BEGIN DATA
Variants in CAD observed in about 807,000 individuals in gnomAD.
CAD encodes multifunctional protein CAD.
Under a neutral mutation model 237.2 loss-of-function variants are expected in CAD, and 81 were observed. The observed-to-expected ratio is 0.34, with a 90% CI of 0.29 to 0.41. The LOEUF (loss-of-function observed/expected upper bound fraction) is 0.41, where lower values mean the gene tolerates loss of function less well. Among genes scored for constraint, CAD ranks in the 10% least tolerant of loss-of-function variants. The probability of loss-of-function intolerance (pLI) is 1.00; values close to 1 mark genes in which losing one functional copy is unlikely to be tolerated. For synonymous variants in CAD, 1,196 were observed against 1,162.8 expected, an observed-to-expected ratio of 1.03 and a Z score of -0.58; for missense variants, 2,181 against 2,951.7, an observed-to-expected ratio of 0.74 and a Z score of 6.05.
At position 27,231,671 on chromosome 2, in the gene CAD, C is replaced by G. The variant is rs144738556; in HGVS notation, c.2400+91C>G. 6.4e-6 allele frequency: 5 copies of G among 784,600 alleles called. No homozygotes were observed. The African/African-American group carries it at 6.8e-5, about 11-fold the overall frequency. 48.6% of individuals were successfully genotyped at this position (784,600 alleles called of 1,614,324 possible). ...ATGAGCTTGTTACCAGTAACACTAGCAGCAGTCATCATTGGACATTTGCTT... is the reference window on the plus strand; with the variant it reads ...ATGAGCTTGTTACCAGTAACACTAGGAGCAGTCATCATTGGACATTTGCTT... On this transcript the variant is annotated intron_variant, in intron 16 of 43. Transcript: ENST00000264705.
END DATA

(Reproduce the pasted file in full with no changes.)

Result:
Variants in CAD observed in about 807,000 individuals in gnomAD.
CAD encodes multifunctional protein CAD.
Under a neutral mutation model 237.2 loss-of-function variants are expected in CAD, and 81 were observed. The observed-to-expected ratio is 0.34, with a 90% CI of 0.29 to 0.41. The LOEUF (loss-of-function observed/expected upper bound fraction) is 0.41, where lower values mean the gene tolerates loss of function less well. Among genes scored for constraint, CAD ranks in the 10% least tolerant of loss-of-function variants. The probability of loss-of-function intolerance (pLI) is 1.00; values close to 1 mark genes in which losing one functional copy is unlikely to be tolerated. For synonymous variants in CAD, 1,196 were observed against 1,162.8 expected, an observed-to-expected ratio of 1.03 and a Z score of -0.58; for missense variants, 2,181 against 2,951.7, an observed-to-expected ratio of 0.74 and a Z score of 6.05.
At position 27,231,671 on chromosome 2, in the gene CAD, C is replaced by G. The variant is rs144738556; in HGVS notation, c.2400+91C>G. 6.4e-6 allele frequency: 5 copies of G among 784,600 alleles called. No homozygotes were observed. The African/African-American group carries it at 6.8e-5, about 11-fold the overall frequency. 48.6% of individuals were successfully genotyped at this position (784,600 alleles called of 1,614,324 possible). ...ATGAGCTTGTTACCAGTAACACTAGCAGCAGTCATCATTGGACATTTGCTT... is the reference window on the plus strand; with the variant it reads ...ATGAGCTTGTTACCAGTAACACTAGGAGCAGTCATCATTGGACATTTGCTT... On this transcript the variant is annotated intron_variant, in intron 16 of 43. Transcript: ENST00000264705.